Barbara and Lawrence Holdridge each had distinct and impressive careers before their “discovery” and research of the nineteenth century American portrait painter Ammi Phillips.
Barbara Holdridge, née Cohen, was born in New York in 1929 and attended Hunter College, where she was elected Phi Beta Kappa. After graduating, she and a friend founded Caedmon Records, which was the pioneer company to record spoken-word albums, and many consider to have laid the foundation for modern audiobooks. After selling Caedmon in 1970, she founded Stemmer House Publishers in 1975, which was the first general book publisher in Maryland.
Lawrence Barrett Holdridge was born in New York in 1910. He was a self-taught engineer, who founded a hydraulic equipment company in Maryland called Holdridge Engineering in 1941. Holdridge was a descendant of Civil War General William Tecumseh Sherman and Mohawk Chief Joseph Brant.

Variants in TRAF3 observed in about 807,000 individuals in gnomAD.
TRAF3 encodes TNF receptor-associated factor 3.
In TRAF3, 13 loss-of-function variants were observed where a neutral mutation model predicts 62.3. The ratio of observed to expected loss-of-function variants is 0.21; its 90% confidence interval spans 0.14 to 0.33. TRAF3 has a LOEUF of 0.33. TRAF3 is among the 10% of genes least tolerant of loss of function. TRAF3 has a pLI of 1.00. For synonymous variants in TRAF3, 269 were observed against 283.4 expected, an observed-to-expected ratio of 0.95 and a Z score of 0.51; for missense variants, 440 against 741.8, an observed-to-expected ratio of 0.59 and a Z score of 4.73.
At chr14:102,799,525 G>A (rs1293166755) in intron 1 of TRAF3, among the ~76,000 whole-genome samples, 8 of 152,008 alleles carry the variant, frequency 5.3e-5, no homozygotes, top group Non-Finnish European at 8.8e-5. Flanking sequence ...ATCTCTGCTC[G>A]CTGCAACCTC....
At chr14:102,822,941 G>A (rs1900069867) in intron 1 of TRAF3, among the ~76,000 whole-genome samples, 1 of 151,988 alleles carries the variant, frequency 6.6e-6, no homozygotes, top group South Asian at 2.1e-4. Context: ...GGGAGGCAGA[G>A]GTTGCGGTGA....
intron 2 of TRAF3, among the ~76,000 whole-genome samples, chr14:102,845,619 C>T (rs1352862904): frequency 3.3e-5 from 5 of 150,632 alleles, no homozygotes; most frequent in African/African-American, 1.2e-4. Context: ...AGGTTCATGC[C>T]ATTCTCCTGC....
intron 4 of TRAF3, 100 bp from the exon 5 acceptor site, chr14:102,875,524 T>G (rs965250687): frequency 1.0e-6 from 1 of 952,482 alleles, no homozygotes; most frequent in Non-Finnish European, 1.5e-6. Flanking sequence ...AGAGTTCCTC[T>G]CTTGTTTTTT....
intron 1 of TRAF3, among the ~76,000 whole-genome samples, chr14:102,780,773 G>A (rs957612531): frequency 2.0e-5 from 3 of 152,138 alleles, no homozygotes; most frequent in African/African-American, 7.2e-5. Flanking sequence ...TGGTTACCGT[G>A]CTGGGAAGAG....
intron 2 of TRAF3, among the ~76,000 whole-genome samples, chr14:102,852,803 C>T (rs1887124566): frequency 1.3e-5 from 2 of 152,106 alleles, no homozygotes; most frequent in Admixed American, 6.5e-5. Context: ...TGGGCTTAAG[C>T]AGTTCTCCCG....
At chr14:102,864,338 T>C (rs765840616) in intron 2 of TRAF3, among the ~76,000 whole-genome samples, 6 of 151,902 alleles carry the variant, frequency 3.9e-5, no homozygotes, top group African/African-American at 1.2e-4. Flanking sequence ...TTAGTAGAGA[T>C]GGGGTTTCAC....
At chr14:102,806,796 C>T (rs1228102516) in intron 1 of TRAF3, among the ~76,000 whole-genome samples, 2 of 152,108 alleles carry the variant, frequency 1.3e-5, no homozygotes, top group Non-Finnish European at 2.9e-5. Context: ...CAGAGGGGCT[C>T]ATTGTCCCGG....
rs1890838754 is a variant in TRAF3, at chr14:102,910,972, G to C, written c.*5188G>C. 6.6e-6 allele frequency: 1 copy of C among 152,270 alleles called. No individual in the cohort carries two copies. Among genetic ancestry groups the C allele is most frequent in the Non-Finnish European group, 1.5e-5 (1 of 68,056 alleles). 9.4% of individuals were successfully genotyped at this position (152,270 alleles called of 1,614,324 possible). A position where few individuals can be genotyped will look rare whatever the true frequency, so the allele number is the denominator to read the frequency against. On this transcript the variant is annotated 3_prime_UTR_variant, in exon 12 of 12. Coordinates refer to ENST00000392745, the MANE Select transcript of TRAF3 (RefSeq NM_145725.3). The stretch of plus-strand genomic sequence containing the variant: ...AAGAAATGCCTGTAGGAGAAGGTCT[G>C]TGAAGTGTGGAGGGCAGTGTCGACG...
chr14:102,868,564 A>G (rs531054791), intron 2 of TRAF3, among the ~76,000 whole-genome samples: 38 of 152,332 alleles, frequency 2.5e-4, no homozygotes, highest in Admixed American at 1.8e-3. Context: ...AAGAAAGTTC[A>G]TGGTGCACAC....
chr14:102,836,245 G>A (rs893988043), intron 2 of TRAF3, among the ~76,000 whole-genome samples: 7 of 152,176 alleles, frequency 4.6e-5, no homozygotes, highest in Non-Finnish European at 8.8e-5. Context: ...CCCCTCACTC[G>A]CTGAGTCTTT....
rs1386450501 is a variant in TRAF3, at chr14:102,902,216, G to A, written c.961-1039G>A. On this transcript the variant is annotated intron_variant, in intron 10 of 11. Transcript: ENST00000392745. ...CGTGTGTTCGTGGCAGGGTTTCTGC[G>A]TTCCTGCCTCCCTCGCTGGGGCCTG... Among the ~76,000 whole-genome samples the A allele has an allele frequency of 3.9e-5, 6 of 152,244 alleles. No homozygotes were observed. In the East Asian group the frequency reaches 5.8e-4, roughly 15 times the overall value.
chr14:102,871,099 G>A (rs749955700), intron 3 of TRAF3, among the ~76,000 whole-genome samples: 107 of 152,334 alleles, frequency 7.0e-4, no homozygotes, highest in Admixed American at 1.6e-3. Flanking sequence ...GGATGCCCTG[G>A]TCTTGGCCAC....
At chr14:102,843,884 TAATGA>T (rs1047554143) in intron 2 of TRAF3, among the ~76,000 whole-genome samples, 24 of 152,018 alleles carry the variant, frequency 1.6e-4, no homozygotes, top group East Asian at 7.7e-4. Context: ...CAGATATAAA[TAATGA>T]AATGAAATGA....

When Lawrence Holdridge and Barbara Cohen married in 1959, the two became interested in restoring historical homes. Together, they restored and turned the Ashland Chapel in the restored colonial village of Dickeyville, Maryland, into a home. Afterwards, they lived in the historic Stemmer House, which is on the National Historic Register.
In 1958, after purchasing a portrait of George C. Sunderland, signed by Ammi Phillips, the couple began their extensive research into the artist’s life and work. Their research identified more than three hundred portraits done by Phillips and proved the theory that A. Phillips, the Border Limner, and the Kent Limner were all one artist, Ammi Phillips.
The Holdridges have two daughters, Eleanor and Diana.